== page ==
Miscellaneous Dog Breeds
Among the several dog breed groups categorized by the American Kennel Club, the miscellaneous class differs significantly from the others for the fact that it consists of breeds that haven’t been fully recognized or assigned to a breed group. These are purebred dogs found throughout the world that aren’t recognized by the American Kennel Club, but that deserve to belong to a breed group and given the opportunity to eventually grow in popularity. One day, these breeds may become eligible for registration with the American Kennel Club Stud Book.
A Look Back in History
Back in 1884, 13 breed clubs, 10 American clubs and 3 Canadian clubs reunited and founded the American Kennel Club. Since 1923, five breed groups were organized, and later a few more were added. As of December 5, 2012 the American Kennel Club has fully recognized 177 breeds categorized into seven groups and one class. Today, the groups consist of: the sporting group, the hound group, the working group, the terrier group, the toy group, the herding group, the non-sporting group and the miscellaneous class which with time may be given the opportunity to move within one of the seven groups.
Dogs in the miscellaneous class are dogs that are currently registered with the AKC Foundation Stock Service Program (FSS). FSS was purposely crafted for purebred breeds that are not yet eligible for AKC registration. In order to be accepted and compete in the miscellaneous class, the National Breed Club must submit a written request. Typically, dogs in this class compete for one to three years. At the end of the first year, the National Breed Club is then contacted for updates and if all the criteria for AKC recognition are met, the supporting information is presented to the Board of Directors for consideration to attain full recognition.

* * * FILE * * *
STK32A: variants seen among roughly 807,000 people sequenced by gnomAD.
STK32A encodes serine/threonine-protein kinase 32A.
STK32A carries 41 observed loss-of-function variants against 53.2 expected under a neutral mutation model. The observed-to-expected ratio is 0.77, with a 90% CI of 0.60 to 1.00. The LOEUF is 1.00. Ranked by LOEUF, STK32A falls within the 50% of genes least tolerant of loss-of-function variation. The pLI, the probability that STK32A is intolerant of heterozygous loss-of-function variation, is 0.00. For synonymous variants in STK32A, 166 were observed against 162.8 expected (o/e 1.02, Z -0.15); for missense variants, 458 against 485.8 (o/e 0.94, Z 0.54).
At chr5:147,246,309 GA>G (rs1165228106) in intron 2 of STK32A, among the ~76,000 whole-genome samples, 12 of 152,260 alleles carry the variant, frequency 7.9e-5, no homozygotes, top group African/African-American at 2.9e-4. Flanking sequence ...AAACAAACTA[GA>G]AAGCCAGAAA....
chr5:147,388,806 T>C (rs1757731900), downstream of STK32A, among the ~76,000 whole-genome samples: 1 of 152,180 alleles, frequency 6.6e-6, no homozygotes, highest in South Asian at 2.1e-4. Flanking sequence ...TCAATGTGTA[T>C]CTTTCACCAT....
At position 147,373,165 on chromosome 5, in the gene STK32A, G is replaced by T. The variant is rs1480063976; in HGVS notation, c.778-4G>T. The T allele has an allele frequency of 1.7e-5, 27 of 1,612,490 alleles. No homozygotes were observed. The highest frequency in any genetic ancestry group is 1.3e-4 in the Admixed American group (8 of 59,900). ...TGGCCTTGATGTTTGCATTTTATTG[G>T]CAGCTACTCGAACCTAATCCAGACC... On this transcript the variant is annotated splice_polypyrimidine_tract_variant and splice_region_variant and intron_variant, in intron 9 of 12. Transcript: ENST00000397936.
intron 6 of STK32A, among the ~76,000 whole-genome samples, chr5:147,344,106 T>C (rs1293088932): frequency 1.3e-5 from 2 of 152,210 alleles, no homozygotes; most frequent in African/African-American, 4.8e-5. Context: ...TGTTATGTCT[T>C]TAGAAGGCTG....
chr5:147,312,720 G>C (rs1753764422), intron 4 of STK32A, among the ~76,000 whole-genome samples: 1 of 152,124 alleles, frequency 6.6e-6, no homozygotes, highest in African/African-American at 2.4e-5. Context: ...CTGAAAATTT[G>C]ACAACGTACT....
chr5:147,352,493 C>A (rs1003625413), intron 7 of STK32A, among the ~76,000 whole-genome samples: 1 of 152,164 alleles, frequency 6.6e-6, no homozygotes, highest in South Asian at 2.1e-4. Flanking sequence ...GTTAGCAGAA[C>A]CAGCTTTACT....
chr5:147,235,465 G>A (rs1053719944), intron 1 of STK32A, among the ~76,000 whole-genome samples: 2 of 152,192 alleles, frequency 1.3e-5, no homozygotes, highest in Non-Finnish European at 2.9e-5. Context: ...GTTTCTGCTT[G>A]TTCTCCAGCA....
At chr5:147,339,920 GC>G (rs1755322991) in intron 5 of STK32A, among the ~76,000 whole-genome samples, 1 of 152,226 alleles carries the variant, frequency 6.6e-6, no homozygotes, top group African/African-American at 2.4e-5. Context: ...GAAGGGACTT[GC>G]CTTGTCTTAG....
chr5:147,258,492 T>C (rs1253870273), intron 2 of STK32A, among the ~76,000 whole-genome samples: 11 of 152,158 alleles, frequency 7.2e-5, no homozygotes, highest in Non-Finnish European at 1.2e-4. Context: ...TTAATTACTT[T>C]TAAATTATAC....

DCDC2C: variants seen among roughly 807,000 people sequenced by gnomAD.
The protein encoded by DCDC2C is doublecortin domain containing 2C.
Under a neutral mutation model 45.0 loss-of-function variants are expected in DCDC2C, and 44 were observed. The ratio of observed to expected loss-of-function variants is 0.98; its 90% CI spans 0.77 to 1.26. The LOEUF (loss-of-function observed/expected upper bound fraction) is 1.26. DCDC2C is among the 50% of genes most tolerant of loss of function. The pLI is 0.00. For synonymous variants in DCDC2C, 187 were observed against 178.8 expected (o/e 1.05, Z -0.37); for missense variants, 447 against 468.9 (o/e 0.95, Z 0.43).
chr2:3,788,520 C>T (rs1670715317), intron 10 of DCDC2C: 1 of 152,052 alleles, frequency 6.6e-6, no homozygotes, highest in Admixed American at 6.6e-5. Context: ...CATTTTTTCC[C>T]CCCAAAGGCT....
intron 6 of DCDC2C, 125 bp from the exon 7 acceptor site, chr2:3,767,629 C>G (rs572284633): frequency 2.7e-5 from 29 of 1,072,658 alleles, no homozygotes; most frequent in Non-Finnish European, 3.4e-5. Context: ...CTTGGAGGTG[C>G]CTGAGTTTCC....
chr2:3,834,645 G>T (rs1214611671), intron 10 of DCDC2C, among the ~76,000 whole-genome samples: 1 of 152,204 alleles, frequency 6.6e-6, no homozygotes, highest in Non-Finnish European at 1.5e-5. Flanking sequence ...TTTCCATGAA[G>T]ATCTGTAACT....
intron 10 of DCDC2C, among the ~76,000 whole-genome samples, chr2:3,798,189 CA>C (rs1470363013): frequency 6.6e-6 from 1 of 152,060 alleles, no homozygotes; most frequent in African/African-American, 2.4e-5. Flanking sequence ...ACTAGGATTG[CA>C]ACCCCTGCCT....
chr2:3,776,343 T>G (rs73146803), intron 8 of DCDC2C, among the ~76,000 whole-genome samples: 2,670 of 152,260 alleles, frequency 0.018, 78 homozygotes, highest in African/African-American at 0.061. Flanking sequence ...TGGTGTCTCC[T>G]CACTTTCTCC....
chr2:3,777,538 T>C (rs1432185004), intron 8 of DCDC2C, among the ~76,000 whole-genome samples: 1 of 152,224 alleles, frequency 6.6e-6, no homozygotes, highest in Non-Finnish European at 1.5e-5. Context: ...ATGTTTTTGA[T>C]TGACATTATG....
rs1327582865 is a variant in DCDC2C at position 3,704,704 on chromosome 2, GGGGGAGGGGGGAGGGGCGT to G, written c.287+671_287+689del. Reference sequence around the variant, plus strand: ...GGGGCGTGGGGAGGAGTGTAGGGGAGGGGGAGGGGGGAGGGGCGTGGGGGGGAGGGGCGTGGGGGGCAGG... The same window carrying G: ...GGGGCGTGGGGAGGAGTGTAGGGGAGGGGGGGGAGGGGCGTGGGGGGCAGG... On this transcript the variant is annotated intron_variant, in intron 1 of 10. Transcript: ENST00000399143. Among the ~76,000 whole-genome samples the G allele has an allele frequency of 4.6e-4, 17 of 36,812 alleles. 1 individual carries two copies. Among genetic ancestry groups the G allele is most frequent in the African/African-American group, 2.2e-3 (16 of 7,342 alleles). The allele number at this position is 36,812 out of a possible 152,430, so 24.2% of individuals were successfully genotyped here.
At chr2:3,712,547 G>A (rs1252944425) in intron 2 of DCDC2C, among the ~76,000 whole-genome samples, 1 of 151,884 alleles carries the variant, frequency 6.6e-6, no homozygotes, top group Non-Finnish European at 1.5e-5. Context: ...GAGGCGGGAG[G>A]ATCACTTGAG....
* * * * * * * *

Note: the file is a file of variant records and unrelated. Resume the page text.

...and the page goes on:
Who Should Own a Dog in the Miscellaneous Class?
- Those who want a not-so-common breed. Because dogs in this group are awaiting recognition, they may not be widespread as other breeds.
- Those who are willing to learn more about these breeds before adding them to their household. Because these breeds aren’t much widespread, information about them may not be as readily accessible as with other more common breeds. It’s a good idea to contact breeders, breed clubs and other owners to learn more about the breed and how it fits in your home and lifestyle.
- Fanciers eager to help a dog breed become more recognized. It’s through these committed individuals interested in perpetuating these breeds that the goal of reaching recognition is made possible. If you want to be a part of achieving this goal, then a dog from the miscellaneous class may be a good option.
- Those with allergies. There are a couple of breeds currently in the miscellaneous group which are hairless and less likely to create allergic reactions.
While you may not know well these breeds today, there’s little doubt about the fact that there is a high probability these breeds will be becoming more and more popular in the future coming years. We therefore should not be surprised to see some of the dogs in the miscellaneous class one day competing for the coveted Best in Show prize.